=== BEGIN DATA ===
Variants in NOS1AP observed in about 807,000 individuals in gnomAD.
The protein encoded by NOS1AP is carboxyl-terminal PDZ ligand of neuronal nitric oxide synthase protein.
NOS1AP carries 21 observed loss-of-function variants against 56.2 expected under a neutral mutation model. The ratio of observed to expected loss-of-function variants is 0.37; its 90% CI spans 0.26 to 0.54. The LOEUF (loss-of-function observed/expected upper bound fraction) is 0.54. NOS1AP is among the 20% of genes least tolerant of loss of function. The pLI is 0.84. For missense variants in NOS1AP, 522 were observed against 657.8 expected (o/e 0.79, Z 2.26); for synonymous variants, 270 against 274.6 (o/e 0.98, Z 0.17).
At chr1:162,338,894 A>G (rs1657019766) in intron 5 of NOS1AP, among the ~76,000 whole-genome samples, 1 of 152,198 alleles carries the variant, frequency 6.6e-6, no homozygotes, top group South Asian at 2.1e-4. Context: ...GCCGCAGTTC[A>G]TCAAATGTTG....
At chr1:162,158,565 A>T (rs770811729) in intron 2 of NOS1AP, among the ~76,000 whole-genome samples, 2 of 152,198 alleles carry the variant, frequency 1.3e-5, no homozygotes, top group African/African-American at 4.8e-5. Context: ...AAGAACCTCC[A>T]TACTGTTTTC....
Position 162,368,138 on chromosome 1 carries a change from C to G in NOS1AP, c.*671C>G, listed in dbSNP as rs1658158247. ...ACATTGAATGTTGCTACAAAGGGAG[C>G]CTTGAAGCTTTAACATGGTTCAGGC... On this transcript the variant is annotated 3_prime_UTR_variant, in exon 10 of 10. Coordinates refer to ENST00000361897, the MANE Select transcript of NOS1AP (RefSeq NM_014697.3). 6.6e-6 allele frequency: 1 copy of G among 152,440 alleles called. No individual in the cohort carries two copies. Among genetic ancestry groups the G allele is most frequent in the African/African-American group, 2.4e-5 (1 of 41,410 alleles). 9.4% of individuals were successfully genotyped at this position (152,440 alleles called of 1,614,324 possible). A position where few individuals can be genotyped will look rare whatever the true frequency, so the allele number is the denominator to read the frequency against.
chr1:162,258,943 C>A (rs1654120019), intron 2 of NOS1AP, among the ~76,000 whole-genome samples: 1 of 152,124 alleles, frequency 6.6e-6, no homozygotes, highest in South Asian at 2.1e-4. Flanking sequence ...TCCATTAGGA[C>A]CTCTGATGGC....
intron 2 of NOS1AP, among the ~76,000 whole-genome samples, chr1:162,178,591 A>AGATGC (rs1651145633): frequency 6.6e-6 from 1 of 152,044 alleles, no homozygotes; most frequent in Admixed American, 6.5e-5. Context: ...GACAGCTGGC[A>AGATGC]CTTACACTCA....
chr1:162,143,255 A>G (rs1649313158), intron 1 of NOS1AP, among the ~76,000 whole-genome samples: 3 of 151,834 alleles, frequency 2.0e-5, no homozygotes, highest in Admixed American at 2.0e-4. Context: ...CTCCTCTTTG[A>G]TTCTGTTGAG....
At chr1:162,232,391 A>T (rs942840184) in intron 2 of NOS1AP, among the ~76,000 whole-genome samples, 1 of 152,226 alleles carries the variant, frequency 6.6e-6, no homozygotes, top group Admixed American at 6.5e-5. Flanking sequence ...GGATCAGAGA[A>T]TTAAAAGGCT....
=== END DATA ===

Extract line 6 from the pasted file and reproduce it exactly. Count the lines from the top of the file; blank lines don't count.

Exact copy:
Position 162,368,138 on chromosome 1 carries a change from C to G in NOS1AP, c.*671C>G, listed in dbSNP as rs1658158247. ...ACATTGAATGTTGCTACAAAGGGAG[C>G]CTTGAAGCTTTAACATGGTTCAGGC... On this transcript the variant is annotated 3_prime_UTR_variant, in exon 10 of 10. Coordinates refer to ENST00000361897, the MANE Select transcript of NOS1AP (RefSeq NM_014697.3). 6.6e-6 allele frequency: 1 copy of G among 152,440 alleles called. No individual in the cohort carries two copies. Among genetic ancestry groups the G allele is most frequent in the African/African-American group, 2.4e-5 (1 of 41,410 alleles). 9.4% of individuals were successfully genotyped at this position (152,440 alleles called of 1,614,324 possible). A position where few individuals can be genotyped will look rare whatever the true frequency, so the allele number is the denominator to read the frequency against.